Could Bryan and Michael Voltaggio share a kitchen after all?

An MGM Grand casino at National Harbor is one of three proposals under consideration by the Maryland Video Lottery Facility Location Commission, the body assigned with awarding the state's sixth and final casino license to one of three bidders: MGM, Greenwood Racing or Penn National Gaming. The three parties have been presenting their bids to the commission this week; you can read much more on the casino bids, which include sweeteners like profit-givebacks, from my Post colleagues J. Freedom du Lac, Jonathan O'Connell and John Wagner.

Could the Voltaggio brothers Michael, left, and Bryan team up at a proposed casino restaurant? (Bravo/Trae Patton)

There's a tasty food angle to MGM's bid, however: Whether MGM's bid is accepted or not, the Nevada-based gaming giant is already planning the menu for future gamblers, and it includes a commitment from Voltaggio brothers Bryan (Volt, Range, Family Meal) and Michael (Los Angeles's Ink) to collaborate on a "steakhouse and gastro-lounge," according to MGM's presentation to the commission.

It would be the first joint operation for the brothers if MGM's bid wins. (The brothers walked away from Ellipsis, a joint project in Mumbai, before it got off the ground.) And if it happens, it would represent an about-face from Bryan, who earlier this year said he couldn't imagine ever sharing a kitchen with his brother:

"Even though we work well together in what we do now, putting us in the same kitchen I don’t think would ever work. There would never be the Voltaggio family business or kitchen.”

With successful restaurants on opposite coasts, it's most likely the brothers would exert their influence on menu design, rather than cooking side-by-side in a future kitchen at National Harbor.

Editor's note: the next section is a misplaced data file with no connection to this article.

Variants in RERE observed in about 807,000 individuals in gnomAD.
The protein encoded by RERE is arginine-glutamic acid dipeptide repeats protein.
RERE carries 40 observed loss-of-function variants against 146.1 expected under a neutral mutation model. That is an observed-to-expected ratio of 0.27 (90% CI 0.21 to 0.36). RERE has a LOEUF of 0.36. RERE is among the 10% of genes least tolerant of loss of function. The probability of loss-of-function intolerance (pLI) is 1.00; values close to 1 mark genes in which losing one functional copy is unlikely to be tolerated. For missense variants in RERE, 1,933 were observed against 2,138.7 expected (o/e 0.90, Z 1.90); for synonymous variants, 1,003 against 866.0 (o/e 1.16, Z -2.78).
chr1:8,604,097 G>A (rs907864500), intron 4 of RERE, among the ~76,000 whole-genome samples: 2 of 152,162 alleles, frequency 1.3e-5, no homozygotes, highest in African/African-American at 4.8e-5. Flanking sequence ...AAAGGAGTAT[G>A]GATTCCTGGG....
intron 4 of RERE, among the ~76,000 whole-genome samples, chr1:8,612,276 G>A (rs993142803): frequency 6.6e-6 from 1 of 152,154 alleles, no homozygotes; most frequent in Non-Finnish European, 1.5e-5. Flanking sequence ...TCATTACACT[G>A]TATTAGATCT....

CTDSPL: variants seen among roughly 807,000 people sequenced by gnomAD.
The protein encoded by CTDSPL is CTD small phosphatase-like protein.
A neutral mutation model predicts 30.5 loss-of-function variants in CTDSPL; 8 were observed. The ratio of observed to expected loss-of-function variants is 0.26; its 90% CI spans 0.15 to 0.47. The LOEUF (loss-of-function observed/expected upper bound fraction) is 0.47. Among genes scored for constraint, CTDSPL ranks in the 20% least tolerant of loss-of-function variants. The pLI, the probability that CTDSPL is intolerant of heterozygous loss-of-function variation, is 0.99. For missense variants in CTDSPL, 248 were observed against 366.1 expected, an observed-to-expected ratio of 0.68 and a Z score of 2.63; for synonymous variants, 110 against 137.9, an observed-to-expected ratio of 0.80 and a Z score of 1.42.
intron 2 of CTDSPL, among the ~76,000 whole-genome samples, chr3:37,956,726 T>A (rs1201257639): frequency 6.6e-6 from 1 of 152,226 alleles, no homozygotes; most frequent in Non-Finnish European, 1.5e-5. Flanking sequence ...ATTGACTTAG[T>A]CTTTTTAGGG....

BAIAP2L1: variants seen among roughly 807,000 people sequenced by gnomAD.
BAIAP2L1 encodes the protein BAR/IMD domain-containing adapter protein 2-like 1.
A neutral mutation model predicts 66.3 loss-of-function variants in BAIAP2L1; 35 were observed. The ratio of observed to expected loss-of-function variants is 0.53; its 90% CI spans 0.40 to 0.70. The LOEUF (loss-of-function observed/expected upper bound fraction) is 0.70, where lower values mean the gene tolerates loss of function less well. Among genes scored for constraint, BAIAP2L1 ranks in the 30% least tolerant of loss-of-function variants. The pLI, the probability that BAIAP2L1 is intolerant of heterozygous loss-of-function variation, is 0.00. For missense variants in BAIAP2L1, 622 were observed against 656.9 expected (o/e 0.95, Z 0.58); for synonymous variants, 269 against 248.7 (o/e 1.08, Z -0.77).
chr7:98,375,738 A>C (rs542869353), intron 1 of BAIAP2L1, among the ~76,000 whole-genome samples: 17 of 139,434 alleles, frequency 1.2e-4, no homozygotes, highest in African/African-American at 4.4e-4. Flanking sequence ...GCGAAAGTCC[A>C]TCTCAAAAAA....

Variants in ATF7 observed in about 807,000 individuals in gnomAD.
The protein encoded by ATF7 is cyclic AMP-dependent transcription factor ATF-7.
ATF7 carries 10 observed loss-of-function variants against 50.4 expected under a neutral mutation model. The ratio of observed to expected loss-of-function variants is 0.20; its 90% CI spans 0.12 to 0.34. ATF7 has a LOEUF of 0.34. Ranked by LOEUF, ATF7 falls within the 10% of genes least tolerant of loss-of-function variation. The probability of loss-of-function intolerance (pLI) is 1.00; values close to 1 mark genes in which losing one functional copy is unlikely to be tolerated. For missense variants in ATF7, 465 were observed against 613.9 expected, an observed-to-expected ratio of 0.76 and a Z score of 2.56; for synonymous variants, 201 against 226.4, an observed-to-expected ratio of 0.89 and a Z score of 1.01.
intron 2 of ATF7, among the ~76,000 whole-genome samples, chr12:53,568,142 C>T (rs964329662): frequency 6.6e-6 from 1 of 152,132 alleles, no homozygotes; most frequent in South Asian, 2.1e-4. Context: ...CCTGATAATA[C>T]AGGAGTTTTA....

Whatever the brothers' day-to-day involvement, theirs is the main dining attraction in MGM's proposal, which also boasts of projects from Southern barbecue specialists Gina and Pat Neely, of Food Network fame; and James Beard Award-winning chef Andrew Carmellini, formerly of New York's Le Cirque and Cafe Boulud and currently at trendy kitchens Locanda Verde and the Dutch.

MGM isn't the only food-focused bidder. The Baltimore Business Journal reports Greenwood Racing is in talks with Wolfgang Puck, Ri Ra Irish Pub and Philadelphia's Chickie's and Pete's.

(Update: J. Freedom du Lac reports Wolfgang Puck would also have a presence at a National Harbor casino, according to remarks by MGM Resorts International president Bill Hornbuckle.)

Alex Baldinger is editor of the Going Out Guide blog, which covers food, drink, arts, music, events and other curiosities in the D.C. area. He is forever in search of a great sandwich.



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